In an article published in the latest issue of Science, the scientists report on the identification of the protein, named NPC1L1, as playing an essential role in the ezetimibe-sensitive cholesterol absorption pathway.
By demonstrating the function of the NPC1L1 protein, scientists at SPRI have made a significant advance toward deciphering the cholesterol absorption pathway in the intestine.
|The majority of cholesterol absorption occurs in the jejunum.|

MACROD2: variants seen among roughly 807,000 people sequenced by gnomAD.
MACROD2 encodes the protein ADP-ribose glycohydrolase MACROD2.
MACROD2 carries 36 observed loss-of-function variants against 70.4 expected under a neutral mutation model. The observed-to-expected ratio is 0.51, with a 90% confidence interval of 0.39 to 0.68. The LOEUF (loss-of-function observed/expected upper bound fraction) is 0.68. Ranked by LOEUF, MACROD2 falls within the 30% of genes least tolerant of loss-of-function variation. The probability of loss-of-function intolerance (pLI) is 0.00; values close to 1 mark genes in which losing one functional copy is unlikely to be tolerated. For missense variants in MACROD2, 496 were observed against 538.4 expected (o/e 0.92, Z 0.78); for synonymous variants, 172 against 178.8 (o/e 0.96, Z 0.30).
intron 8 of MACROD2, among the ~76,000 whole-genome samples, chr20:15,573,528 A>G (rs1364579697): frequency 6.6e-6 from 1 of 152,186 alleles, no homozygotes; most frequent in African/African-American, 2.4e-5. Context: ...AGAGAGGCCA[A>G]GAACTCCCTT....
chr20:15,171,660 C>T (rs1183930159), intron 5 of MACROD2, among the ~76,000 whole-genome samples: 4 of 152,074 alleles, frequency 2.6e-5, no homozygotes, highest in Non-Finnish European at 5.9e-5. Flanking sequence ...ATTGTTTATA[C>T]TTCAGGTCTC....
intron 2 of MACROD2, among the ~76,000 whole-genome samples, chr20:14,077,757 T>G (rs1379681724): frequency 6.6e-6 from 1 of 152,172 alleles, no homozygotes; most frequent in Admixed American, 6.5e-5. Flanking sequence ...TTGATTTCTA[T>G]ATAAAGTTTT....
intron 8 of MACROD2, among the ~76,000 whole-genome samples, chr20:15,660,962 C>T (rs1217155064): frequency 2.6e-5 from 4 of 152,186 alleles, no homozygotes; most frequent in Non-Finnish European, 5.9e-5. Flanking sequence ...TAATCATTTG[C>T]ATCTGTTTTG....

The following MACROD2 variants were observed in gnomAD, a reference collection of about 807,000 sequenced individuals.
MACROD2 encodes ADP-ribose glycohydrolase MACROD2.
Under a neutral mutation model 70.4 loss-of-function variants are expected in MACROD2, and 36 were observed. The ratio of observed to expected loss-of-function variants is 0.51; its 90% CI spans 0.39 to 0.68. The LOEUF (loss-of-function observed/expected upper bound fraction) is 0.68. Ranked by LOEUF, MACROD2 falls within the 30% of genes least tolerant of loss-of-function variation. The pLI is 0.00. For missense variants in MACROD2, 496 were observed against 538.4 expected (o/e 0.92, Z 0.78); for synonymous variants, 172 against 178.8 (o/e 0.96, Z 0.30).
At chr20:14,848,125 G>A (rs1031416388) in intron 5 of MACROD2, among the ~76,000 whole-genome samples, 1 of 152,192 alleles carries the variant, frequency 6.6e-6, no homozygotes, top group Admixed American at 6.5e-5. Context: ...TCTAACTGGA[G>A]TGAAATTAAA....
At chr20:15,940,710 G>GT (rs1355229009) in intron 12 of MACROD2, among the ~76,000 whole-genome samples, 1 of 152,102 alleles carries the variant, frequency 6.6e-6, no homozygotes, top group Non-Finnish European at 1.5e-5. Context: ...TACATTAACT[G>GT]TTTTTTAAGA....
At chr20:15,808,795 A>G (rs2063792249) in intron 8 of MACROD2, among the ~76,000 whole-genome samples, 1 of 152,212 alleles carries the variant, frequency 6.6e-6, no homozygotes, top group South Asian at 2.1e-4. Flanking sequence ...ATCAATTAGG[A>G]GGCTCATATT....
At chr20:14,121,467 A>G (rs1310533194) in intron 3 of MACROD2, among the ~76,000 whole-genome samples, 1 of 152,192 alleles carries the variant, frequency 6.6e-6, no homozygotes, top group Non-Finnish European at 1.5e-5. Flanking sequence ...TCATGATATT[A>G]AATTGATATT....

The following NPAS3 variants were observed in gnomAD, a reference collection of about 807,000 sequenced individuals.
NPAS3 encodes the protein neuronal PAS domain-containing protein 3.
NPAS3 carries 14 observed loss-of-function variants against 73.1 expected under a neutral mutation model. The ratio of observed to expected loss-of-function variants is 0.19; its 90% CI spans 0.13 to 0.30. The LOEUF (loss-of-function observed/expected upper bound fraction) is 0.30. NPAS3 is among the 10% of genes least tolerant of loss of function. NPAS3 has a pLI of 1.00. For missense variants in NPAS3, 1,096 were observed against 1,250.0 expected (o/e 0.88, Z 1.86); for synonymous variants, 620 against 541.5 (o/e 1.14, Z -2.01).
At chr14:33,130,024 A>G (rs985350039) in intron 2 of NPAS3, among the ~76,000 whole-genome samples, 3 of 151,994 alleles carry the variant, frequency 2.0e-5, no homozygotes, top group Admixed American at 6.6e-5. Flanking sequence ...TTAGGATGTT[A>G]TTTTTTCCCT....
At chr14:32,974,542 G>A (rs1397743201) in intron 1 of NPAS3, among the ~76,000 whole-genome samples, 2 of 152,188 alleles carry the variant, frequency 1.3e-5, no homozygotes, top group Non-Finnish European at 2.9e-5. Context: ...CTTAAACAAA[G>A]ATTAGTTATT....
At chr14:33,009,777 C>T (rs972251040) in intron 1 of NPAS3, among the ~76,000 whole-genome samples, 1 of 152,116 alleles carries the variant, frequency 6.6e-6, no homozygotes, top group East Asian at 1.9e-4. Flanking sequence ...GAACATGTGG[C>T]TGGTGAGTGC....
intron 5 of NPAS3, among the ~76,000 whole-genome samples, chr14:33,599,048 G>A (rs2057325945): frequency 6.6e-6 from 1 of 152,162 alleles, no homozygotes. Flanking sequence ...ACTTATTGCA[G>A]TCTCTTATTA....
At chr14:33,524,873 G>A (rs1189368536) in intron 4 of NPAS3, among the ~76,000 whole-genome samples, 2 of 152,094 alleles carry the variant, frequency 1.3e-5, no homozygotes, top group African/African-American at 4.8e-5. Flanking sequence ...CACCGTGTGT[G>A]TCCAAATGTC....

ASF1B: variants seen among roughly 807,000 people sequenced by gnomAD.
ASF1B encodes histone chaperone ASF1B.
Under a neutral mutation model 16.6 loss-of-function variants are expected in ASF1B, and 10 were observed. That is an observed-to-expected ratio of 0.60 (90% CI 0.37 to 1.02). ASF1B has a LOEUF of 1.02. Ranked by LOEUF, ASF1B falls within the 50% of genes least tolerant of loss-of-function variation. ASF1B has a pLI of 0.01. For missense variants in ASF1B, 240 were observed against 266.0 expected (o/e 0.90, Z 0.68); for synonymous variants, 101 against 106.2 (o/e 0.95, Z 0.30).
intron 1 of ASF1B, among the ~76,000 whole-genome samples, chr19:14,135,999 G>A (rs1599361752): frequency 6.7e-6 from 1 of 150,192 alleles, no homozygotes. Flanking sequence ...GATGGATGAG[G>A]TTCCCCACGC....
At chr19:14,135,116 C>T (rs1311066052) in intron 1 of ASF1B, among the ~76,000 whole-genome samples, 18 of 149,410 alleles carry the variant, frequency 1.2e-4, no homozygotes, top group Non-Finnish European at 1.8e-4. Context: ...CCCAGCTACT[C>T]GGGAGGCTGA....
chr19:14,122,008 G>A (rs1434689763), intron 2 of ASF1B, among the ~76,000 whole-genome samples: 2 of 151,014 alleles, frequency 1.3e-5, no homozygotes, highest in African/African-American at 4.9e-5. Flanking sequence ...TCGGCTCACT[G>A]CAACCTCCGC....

This finding represents an important new discovery which helps explain how the body regulates cholesterol absorption.
The team characterized and determined the function of a previously identified gene known as Niemann-Pick C1-Like 1 (NPC1L1).
Led by Dr Michael Graziano, senior director, Cardiovascular/Metabolic Discovery Research, the scientists identified NPC1L1 after years of studying enterocytes. These cells comprise a small proportion of the total number of cells in the intestine. They have not previously been studied in great detail.
They found that the jejunum is the region of the intestine where the majority of cholesterol absorption occurs.